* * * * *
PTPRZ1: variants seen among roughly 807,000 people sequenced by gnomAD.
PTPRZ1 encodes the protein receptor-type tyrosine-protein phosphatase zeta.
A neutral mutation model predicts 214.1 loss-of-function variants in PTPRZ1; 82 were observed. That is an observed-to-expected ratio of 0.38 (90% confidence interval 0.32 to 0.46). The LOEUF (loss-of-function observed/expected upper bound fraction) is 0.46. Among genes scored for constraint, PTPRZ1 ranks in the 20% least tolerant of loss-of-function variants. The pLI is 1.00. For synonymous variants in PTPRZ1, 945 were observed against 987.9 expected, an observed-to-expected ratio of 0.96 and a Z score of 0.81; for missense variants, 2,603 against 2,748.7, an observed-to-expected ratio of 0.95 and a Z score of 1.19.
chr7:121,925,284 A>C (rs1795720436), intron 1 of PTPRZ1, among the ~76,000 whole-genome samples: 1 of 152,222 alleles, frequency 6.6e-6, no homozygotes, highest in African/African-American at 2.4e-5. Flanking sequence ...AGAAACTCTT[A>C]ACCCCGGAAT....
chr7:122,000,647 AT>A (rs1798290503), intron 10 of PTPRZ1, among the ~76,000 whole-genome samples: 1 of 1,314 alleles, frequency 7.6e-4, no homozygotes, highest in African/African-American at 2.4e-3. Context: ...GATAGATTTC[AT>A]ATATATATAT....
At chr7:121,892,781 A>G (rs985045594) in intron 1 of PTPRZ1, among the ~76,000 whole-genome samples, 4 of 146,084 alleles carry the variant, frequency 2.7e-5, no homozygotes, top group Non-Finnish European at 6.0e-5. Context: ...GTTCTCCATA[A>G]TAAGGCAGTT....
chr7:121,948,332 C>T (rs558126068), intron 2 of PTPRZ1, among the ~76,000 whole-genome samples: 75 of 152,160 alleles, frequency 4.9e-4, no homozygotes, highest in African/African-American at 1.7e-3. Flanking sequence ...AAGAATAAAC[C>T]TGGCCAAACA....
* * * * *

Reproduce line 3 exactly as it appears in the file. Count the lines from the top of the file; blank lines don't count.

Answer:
A neutral mutation model predicts 214.1 loss-of-function variants in PTPRZ1; 82 were observed. That is an observed-to-expected ratio of 0.38 (90% confidence interval 0.32 to 0.46). The LOEUF (loss-of-function observed/expected upper bound fraction) is 0.46. Among genes scored for constraint, PTPRZ1 ranks in the 20% least tolerant of loss-of-function variants. The pLI is 1.00. For synonymous variants in PTPRZ1, 945 were observed against 987.9 expected, an observed-to-expected ratio of 0.96 and a Z score of 0.81; for missense variants, 2,603 against 2,748.7, an observed-to-expected ratio of 0.95 and a Z score of 1.19.